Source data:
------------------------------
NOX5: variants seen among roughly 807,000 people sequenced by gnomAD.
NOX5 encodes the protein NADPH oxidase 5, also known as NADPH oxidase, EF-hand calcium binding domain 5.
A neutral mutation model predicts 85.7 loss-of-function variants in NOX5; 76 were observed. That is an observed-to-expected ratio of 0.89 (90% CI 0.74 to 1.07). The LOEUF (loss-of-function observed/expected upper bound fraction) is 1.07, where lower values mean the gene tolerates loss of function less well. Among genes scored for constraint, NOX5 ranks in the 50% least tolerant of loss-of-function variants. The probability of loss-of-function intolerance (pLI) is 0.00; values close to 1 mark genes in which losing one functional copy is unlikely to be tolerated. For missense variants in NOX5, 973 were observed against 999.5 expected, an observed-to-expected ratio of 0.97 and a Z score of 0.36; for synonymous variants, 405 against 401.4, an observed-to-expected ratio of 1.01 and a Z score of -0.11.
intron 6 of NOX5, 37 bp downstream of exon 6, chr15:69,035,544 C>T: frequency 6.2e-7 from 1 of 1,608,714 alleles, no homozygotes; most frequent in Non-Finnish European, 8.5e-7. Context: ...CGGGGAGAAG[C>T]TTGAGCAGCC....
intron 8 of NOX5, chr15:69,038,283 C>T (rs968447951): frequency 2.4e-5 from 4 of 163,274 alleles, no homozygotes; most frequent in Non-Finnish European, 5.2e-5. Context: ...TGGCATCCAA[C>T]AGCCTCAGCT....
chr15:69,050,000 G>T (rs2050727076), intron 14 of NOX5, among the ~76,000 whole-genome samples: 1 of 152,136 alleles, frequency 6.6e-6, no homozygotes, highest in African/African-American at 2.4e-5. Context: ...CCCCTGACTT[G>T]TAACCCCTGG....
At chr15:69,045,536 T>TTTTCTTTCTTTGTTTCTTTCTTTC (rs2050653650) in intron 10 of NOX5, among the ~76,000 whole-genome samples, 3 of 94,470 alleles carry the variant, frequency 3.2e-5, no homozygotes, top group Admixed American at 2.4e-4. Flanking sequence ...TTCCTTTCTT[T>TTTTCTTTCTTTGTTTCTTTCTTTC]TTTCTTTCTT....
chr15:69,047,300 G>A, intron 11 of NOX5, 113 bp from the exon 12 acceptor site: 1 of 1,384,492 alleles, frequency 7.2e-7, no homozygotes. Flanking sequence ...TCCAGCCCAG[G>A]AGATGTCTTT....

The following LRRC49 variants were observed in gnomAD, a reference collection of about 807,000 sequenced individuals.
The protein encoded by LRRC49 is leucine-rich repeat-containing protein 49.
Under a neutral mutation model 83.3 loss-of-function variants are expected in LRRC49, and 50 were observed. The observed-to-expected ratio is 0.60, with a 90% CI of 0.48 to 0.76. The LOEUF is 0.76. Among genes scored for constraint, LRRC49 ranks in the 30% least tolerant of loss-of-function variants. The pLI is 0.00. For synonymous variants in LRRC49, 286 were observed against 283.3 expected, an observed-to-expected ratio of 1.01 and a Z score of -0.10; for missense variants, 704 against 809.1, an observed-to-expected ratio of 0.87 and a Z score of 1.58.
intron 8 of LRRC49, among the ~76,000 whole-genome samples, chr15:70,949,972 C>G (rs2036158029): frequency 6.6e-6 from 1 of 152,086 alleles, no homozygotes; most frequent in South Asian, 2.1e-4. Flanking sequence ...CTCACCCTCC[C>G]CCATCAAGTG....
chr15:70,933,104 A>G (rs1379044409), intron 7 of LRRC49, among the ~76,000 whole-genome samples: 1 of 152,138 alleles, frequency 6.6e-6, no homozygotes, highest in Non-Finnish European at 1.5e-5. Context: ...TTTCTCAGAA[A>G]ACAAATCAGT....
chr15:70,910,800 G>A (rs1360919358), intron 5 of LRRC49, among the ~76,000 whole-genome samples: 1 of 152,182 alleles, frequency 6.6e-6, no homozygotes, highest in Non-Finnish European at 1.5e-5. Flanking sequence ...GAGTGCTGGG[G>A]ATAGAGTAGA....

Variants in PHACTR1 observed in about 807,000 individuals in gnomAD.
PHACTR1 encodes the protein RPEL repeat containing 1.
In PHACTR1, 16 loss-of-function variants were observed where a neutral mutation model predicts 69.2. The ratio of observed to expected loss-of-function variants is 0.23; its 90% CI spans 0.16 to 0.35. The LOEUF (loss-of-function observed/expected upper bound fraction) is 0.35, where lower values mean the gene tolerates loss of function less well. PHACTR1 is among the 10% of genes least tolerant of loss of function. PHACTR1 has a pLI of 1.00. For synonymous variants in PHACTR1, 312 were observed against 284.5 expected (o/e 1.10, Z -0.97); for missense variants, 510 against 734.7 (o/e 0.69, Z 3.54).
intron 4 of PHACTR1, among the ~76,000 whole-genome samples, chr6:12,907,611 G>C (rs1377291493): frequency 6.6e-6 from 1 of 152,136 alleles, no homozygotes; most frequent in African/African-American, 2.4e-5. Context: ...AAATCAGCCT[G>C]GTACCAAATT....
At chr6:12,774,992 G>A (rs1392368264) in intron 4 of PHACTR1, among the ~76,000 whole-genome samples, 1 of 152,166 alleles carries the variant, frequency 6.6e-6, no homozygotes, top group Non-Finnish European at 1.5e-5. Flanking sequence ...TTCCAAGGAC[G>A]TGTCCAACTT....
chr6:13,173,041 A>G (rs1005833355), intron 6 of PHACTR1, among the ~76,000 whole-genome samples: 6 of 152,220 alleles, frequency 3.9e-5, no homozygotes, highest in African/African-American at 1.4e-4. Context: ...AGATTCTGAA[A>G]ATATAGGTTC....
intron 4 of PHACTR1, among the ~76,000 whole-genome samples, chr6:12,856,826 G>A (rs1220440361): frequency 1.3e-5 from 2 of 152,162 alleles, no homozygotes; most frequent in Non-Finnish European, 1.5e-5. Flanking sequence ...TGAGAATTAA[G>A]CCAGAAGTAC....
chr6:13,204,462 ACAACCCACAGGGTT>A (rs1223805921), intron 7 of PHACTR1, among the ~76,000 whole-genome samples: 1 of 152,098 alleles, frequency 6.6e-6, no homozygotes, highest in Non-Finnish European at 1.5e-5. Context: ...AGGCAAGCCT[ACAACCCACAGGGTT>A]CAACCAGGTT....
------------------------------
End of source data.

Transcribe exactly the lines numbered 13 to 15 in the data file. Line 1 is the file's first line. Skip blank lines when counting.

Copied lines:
chr15:70,933,104 A>G (rs1379044409), intron 7 of LRRC49, among the ~76,000 whole-genome samples: 1 of 152,138 alleles, frequency 6.6e-6, no homozygotes, highest in Non-Finnish European at 1.5e-5. Context: ...TTTCTCAGAA[A>G]ACAAATCAGT....
chr15:70,910,800 G>A (rs1360919358), intron 5 of LRRC49, among the ~76,000 whole-genome samples: 1 of 152,182 alleles, frequency 6.6e-6, no homozygotes, highest in Non-Finnish European at 1.5e-5. Flanking sequence ...GAGTGCTGGG[G>A]ATAGAGTAGA....

Variants in PHACTR1 observed in about 807,000 individuals in gnomAD.